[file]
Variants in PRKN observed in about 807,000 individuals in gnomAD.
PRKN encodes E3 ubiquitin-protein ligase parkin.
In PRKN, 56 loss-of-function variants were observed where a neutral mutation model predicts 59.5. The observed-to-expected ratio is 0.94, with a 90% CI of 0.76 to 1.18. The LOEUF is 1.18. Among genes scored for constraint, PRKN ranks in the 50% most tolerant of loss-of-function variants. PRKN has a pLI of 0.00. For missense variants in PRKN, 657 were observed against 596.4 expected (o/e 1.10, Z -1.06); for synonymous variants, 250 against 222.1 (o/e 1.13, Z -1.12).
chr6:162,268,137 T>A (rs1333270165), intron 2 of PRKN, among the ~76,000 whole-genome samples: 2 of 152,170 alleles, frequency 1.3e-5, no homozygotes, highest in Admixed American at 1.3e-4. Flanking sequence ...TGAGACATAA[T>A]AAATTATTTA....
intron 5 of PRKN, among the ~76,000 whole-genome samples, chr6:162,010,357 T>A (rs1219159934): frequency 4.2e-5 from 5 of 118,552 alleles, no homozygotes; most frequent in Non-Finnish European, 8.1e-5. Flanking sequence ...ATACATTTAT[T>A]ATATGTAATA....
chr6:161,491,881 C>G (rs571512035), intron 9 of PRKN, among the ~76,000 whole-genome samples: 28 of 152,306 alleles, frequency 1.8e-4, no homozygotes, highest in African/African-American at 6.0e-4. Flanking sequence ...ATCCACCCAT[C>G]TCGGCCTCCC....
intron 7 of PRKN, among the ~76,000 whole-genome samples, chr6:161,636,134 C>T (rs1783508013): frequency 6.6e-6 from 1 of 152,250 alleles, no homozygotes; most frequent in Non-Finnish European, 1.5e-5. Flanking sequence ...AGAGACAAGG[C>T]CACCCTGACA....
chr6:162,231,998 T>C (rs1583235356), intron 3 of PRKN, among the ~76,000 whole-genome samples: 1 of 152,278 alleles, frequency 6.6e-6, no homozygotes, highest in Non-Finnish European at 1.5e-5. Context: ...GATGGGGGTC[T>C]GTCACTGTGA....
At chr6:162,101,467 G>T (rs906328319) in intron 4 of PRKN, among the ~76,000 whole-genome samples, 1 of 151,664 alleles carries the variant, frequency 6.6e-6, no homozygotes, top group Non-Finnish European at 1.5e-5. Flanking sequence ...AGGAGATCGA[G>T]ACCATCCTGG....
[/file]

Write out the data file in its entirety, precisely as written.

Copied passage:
Variants in PRKN observed in about 807,000 individuals in gnomAD.
PRKN encodes E3 ubiquitin-protein ligase parkin.
In PRKN, 56 loss-of-function variants were observed where a neutral mutation model predicts 59.5. The observed-to-expected ratio is 0.94, with a 90% CI of 0.76 to 1.18. The LOEUF is 1.18. Among genes scored for constraint, PRKN ranks in the 50% most tolerant of loss-of-function variants. PRKN has a pLI of 0.00. For missense variants in PRKN, 657 were observed against 596.4 expected (o/e 1.10, Z -1.06); for synonymous variants, 250 against 222.1 (o/e 1.13, Z -1.12).
chr6:162,268,137 T>A (rs1333270165), intron 2 of PRKN, among the ~76,000 whole-genome samples: 2 of 152,170 alleles, frequency 1.3e-5, no homozygotes, highest in Admixed American at 1.3e-4. Flanking sequence ...TGAGACATAA[T>A]AAATTATTTA....
intron 5 of PRKN, among the ~76,000 whole-genome samples, chr6:162,010,357 T>A (rs1219159934): frequency 4.2e-5 from 5 of 118,552 alleles, no homozygotes; most frequent in Non-Finnish European, 8.1e-5. Flanking sequence ...ATACATTTAT[T>A]ATATGTAATA....
chr6:161,491,881 C>G (rs571512035), intron 9 of PRKN, among the ~76,000 whole-genome samples: 28 of 152,306 alleles, frequency 1.8e-4, no homozygotes, highest in African/African-American at 6.0e-4. Flanking sequence ...ATCCACCCAT[C>G]TCGGCCTCCC....
intron 7 of PRKN, among the ~76,000 whole-genome samples, chr6:161,636,134 C>T (rs1783508013): frequency 6.6e-6 from 1 of 152,250 alleles, no homozygotes; most frequent in Non-Finnish European, 1.5e-5. Flanking sequence ...AGAGACAAGG[C>T]CACCCTGACA....
chr6:162,231,998 T>C (rs1583235356), intron 3 of PRKN, among the ~76,000 whole-genome samples: 1 of 152,278 alleles, frequency 6.6e-6, no homozygotes, highest in Non-Finnish European at 1.5e-5. Context: ...GATGGGGGTC[T>C]GTCACTGTGA....
At chr6:162,101,467 G>T (rs906328319) in intron 4 of PRKN, among the ~76,000 whole-genome samples, 1 of 151,664 alleles carries the variant, frequency 6.6e-6, no homozygotes, top group Non-Finnish European at 1.5e-5. Flanking sequence ...AGGAGATCGA[G>T]ACCATCCTGG....